VAT: HMRC’s assessment was unreasonableby
HMRC raised a VAT assessment for £41,684. Following a single observational visit to the taxpayer’s restaurant, the FTT ruled the assessment could be set aside.
Brough East Yorkshire Ltd (BEY) incorporated in 2011 and started to operate as a restaurant shortly after. HMRC visited the restaurant premises on a Friday in March 2017 and observed takings of £1,656.91. The HMRC investigation compared these sales to a three-year period based on the client’s VAT records, which showed average Friday takings to be £1,082.00.
HMRC further noted that not only were the sales on the day of the officers’ visit higher than both the average and maximum sales for previous Fridays, but that recorded sales rose following their visit. Clearly sales had previously been supressed and the taxpayer was now guiltily reporting the correct figures!
An assessment for £41,684.00 was issued, but due to errors in HMRC’s calculations this was later reduced to £34,486.00.
BEY provided evidence to HMRC to show that their sales had in fact been increasing for some time, due to a combination of factors such as a ‘menu drop’ to local homes, an increase in prices and several competitors going out of business. They provided records to HMRC to support this, including a detailed breakdown of sales between cash and card.
HMRC stood by their guns and BEY appealed to the first-tier tribunal (TC08213).
The FTT noted that BEY would need to show that the assessment was ‘wholly unreasonable’; it would not be enough to demonstrate that the assessment did not reach the standards of a competent officer.
The threshold for making a ‘best judgement’ decision by HMRC was noted to be low. All that needs to be established is: Was there an honest and genuine attempt by HMRC to make a reasoned assessment?
An assessment may be proved later to be inaccurate due to additional evidence surfacing, but it would still be considered ‘best judgement’.
BEY put forward that HMRC had not provided evidence to support the assertion that cash sales were being supressed and that its methodology had been flawed throughout. The FTT noted that HMRC had made numerous calculation errors throughout the contact with BEY and agreed that there was a lack of explanation for the HMRC methodology.
HMRC had stated that cash sales were being suppressed, but it had no evidence to suggest how this suppression had occurred and, by its own admission, the officers had not noted any anomalies while observing BEY.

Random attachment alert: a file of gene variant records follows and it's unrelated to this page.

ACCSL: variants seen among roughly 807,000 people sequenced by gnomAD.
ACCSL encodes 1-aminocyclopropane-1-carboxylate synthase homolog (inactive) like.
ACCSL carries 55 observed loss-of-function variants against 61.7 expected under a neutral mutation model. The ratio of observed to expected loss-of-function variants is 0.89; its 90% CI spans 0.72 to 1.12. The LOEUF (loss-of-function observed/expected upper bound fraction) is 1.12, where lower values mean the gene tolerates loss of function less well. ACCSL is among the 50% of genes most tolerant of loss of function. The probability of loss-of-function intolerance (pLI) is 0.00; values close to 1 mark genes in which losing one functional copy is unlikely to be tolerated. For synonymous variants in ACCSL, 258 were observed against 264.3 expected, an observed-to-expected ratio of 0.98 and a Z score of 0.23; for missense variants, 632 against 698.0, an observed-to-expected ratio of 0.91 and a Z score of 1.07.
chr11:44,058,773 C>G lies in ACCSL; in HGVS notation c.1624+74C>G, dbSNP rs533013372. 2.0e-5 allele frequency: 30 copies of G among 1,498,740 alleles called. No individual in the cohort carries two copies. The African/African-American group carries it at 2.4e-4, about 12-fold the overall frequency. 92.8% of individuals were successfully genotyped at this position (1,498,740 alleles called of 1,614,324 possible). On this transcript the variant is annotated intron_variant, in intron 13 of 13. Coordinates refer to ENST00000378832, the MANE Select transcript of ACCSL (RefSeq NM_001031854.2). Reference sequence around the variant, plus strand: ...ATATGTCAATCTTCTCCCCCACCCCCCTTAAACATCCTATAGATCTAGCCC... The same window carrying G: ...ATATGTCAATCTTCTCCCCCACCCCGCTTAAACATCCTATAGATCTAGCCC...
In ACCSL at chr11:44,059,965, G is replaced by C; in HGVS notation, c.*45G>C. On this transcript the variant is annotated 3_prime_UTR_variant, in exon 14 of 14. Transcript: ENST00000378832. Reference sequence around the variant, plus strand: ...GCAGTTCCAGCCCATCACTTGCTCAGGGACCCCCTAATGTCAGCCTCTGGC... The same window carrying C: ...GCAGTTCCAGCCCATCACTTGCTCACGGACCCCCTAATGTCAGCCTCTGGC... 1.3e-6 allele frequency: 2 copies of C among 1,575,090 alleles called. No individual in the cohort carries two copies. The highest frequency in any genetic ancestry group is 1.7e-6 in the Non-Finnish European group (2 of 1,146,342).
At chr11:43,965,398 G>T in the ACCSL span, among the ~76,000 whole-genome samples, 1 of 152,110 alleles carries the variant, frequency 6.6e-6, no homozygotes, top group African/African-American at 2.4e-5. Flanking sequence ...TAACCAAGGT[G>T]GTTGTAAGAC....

Also, while the HMRC visit had lasted a few hours, it was revealed that the lead officer had only been present for a grand total of eight minutes during the visit – hardly a suitable length of time to gather the evidence for a ‘best judgement’!
Despite this, HMRC felt a second visit had not been needed as it was already satisfied following the first.
The HMRC officer noted that “the price increase would obviously have affected the level of takings”, but then later seem to have been surprised when this exact event happened. The officer was also unaware of the fact a mass menu drop had taken place, despite having seen the pile of menus on the counter during the (brief) observational visit, and had been given the receipt for the printing of the menus at a later point.
The FTT found that BEY had been very cooperative with HMRC, providing evidence to answer all queries. HMRC had disregarded much of this evidence and continued with the assertions regarding supressed sales, with no evidence of its own to support this, other than noting sales were higher than the previous average and had increased after the officers’ visit. BEY had already explained why this was the case. Finally, the fact that HMRC had compared a single night’s sales to a three-year average was held to not be a reasonable comparison.
It was therefore concluded that the assessment raised was unreasonable and did not take into account several matters which had been brought to HMRC’s attention. The FTT confirmed that BEY had met the burden of displacing the assessment and it was to be set aside.
A comparatively small amount of VAT was found to be due by BEY’s accountant. The appeal was therefore only a partial success and HMRC’s figure of £34,486.00 was replaced with BEY’s figure of £3,780.00. A much-improved outcome!
Once an assessment has been made, it is up to the taxpayer to displace that assessment. HMRC did minimal legwork and leapt to some quite unfounded conclusions, which could have been costly for the taxpayer. Luckily BEY were able to convince the FTT and so were therefore (mostly) successful in their appeal.